Double stack of Bakers Pride Model #451. Great shape, will warranty for one year. Delivery and set-up available. Can send a pic if you need, just didnt take one yet. Other equipment: True T72G 3 door reach in, True 72" Prep table, True GDM54 2 Door door reach in, Triple sink, Complete 7’ Captive-Air hood system with exhast and make-up, Misc furniture and cabinetry and utensils, 30q hobart mixer, Hand wash sink, 7’ stainless table, 4’ stainless table, 3’ stainless table. Everything you need to open pizza shop. $20k delivers all. OR Leave all where it sits and open tomarrow.


Hi Pazzio;

Everything you need to open pizza shop?

Not to discourage you but just to raise some questions to witch you may wish to seek answers.

I would think as a minimum you will also need a pizza prep table (make line) and a walk in cooler.

How old are the refrigerated units?

How old is the hood and make up air unit? Codes have been changing. You will be required to meet the latest codes even if you take over an existing operation.

What type and size is the make up air unit? They can be expensive to operate and can drop very hot air off your roof into your shop in the summer time while the hood is pulling air conditioning out.

We would not use a make up air unit for a double stack 450 BP ovens.

George Mills

Howdy, I’m a newb here.

This post is pertinent, as I am going to look at a closed shop on very busy road. It had been open until recently. The current owner found a bigger place closer to his home, so he is looking to sell this business for a reasonable(to me) amount of money.

This will be our first store, where do I start as far as advertising, etc. That’s assuming it is turnkey as stated and I won’t have any issues.

Thanks, awesome board here.

George - I do believe a prep line is included as noted “True 72” Prep table".

I did call our local health department and at the very least I would have to submit a sire review plan detailing layout, equipment etc. at $152 even though they just closed less than a month ago and I would really change anything.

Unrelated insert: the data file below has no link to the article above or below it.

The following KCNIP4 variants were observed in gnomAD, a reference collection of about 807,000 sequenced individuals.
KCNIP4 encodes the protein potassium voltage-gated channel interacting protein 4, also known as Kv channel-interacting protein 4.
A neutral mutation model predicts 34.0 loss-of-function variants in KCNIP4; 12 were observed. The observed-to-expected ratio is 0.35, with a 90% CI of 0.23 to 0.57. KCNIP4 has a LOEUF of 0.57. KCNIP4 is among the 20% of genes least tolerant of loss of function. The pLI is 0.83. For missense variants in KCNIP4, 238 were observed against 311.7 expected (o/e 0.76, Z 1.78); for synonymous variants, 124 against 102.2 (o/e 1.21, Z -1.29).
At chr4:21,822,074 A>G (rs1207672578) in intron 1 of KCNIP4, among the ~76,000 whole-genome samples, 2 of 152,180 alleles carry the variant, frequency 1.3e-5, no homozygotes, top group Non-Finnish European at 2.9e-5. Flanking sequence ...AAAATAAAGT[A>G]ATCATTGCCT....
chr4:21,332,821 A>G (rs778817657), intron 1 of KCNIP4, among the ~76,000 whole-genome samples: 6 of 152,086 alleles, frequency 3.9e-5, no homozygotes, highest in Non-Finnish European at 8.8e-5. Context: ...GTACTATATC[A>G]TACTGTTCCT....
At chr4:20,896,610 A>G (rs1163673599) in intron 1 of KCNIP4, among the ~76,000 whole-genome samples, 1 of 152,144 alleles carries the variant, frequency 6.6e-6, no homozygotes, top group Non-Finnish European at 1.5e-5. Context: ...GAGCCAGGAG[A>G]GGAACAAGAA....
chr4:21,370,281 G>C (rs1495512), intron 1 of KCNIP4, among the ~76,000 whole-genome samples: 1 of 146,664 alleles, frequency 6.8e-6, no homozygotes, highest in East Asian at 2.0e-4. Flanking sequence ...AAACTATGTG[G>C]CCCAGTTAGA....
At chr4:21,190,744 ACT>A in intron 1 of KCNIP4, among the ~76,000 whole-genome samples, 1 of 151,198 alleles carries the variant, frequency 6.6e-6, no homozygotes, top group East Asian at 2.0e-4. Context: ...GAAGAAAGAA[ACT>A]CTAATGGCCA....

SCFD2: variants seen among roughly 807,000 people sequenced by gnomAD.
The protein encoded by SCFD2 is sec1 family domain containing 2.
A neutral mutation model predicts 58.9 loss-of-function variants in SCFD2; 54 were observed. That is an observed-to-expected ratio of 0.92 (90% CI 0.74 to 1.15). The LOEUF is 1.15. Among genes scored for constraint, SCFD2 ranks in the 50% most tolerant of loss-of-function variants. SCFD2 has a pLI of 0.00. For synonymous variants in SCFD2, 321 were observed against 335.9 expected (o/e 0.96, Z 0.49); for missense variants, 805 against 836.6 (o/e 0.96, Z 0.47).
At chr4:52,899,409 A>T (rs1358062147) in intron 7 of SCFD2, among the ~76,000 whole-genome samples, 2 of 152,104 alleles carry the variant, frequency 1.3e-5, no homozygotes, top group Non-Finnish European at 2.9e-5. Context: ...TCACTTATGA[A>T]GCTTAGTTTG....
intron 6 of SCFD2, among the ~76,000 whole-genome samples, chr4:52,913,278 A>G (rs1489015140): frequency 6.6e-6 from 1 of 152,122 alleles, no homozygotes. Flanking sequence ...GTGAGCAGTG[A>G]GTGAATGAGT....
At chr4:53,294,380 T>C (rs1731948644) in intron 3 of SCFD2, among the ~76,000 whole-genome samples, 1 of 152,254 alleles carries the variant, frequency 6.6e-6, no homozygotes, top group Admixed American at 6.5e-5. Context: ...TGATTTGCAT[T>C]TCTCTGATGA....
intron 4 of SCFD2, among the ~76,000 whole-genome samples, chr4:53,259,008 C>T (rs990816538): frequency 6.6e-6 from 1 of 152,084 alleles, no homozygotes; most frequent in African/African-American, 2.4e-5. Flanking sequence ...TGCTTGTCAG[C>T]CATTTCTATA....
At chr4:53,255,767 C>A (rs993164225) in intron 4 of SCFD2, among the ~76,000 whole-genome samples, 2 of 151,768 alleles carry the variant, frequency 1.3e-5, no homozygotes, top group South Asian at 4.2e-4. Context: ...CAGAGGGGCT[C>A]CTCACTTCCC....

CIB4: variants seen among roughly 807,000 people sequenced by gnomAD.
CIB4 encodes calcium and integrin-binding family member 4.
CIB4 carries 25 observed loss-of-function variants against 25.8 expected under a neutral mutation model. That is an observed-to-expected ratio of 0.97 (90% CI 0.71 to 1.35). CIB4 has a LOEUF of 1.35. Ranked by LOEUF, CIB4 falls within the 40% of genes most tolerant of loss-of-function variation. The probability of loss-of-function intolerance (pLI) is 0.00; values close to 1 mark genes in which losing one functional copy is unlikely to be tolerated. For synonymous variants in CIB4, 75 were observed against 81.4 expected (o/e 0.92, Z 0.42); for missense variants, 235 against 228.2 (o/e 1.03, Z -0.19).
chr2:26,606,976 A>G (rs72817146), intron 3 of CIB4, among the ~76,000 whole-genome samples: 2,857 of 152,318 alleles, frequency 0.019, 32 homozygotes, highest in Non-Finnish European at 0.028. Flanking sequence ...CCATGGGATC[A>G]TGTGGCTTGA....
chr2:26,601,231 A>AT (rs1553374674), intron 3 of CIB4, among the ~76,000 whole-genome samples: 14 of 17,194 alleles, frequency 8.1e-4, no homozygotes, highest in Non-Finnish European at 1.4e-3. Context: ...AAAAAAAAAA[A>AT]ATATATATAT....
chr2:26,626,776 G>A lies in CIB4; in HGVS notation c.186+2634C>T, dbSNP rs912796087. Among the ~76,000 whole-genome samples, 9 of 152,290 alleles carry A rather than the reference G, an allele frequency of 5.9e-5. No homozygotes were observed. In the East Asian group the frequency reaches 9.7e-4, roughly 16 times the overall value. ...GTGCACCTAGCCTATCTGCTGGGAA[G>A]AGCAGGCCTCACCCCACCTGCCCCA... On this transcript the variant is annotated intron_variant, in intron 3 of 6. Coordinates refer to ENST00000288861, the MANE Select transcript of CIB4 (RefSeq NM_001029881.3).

Skargo - A good place to start is the FAQ at the top of the page. I spent several weeks if not a month going through all the back topics and putting it together in a document listed by subject. There is a lot to read but almost anything is covered. It is actually about time for me to do it again and update with a new list.

Thanks to everyone for your replies and insight. I guess the biggest thing that scares me, is the fact that I thought I was ready to do this when working on the idea, business plan etc. But now that it is time to money where my mouth is I am second guessing myself, do I really have what it takes? I just don’t want to step into something and pay the fools tax because I didn’t do enough due diligence.


[quote=“Pazzo di Pizza”]
George - I did call our local health department and at the very least I would have to submit a sire review plan detailing layout, equipment etc. at $152 even though they just closed less than a month ago and I would really change anything.

Hi Pazzo:
Just because a shop just closed is no guarantee that there are not a lot of up grades and improvements you may have to make. Best example is ventilation. The codes are vastly different that they were a few years ago.
The building department cannot force an operator to up grade but they can require a new owner to bring everything up to code.

The above is true with the fire Marshall and the health department. All three agencies need to inspect and make their recommendations before you can feel safe in taking over an existing operation.

George mills

George - Thanks, this is my biggest fear on this whole thing, too god to be true. I have called the health department and was told all I need is to submit a plan review form detailing the layout, equipment, menu items etc. I called the building department and they looked up the permits and said nothing is out of place.

However inexperience in knowing what to ask is a big fear. Asking the right questions to get the answers I need is critical, I just don’t know what I should be asking. Thus my need for help for all the fine smart folks on this site.